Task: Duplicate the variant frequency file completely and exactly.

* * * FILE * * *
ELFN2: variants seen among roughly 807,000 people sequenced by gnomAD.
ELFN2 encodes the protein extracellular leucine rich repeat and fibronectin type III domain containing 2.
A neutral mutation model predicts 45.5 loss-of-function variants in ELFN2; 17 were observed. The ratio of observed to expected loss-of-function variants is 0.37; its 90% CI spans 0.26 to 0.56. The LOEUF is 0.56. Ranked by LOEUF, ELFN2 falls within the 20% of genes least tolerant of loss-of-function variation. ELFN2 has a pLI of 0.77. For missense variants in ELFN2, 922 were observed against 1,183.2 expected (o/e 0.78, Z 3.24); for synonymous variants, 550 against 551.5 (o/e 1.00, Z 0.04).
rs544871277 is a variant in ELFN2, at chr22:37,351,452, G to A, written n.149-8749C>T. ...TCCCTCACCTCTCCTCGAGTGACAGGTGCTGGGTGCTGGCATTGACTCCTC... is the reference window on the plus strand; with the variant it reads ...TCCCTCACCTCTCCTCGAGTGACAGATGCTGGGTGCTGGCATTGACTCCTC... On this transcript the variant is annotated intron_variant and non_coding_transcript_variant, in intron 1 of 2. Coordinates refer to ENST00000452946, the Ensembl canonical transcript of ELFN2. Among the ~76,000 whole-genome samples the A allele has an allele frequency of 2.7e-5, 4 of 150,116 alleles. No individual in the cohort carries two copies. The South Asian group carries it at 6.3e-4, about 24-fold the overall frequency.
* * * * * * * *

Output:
ELFN2: variants seen among roughly 807,000 people sequenced by gnomAD.
ELFN2 encodes the protein extracellular leucine rich repeat and fibronectin type III domain containing 2.
A neutral mutation model predicts 45.5 loss-of-function variants in ELFN2; 17 were observed. The ratio of observed to expected loss-of-function variants is 0.37; its 90% CI spans 0.26 to 0.56. The LOEUF is 0.56. Ranked by LOEUF, ELFN2 falls within the 20% of genes least tolerant of loss-of-function variation. ELFN2 has a pLI of 0.77. For missense variants in ELFN2, 922 were observed against 1,183.2 expected (o/e 0.78, Z 3.24); for synonymous variants, 550 against 551.5 (o/e 1.00, Z 0.04).
rs544871277 is a variant in ELFN2, at chr22:37,351,452, G to A, written n.149-8749C>T. ...TCCCTCACCTCTCCTCGAGTGACAGGTGCTGGGTGCTGGCATTGACTCCTC... is the reference window on the plus strand; with the variant it reads ...TCCCTCACCTCTCCTCGAGTGACAGATGCTGGGTGCTGGCATTGACTCCTC... On this transcript the variant is annotated intron_variant and non_coding_transcript_variant, in intron 1 of 2. Coordinates refer to ENST00000452946, the Ensembl canonical transcript of ELFN2. Among the ~76,000 whole-genome samples the A allele has an allele frequency of 2.7e-5, 4 of 150,116 alleles. No individual in the cohort carries two copies. The South Asian group carries it at 6.3e-4, about 24-fold the overall frequency.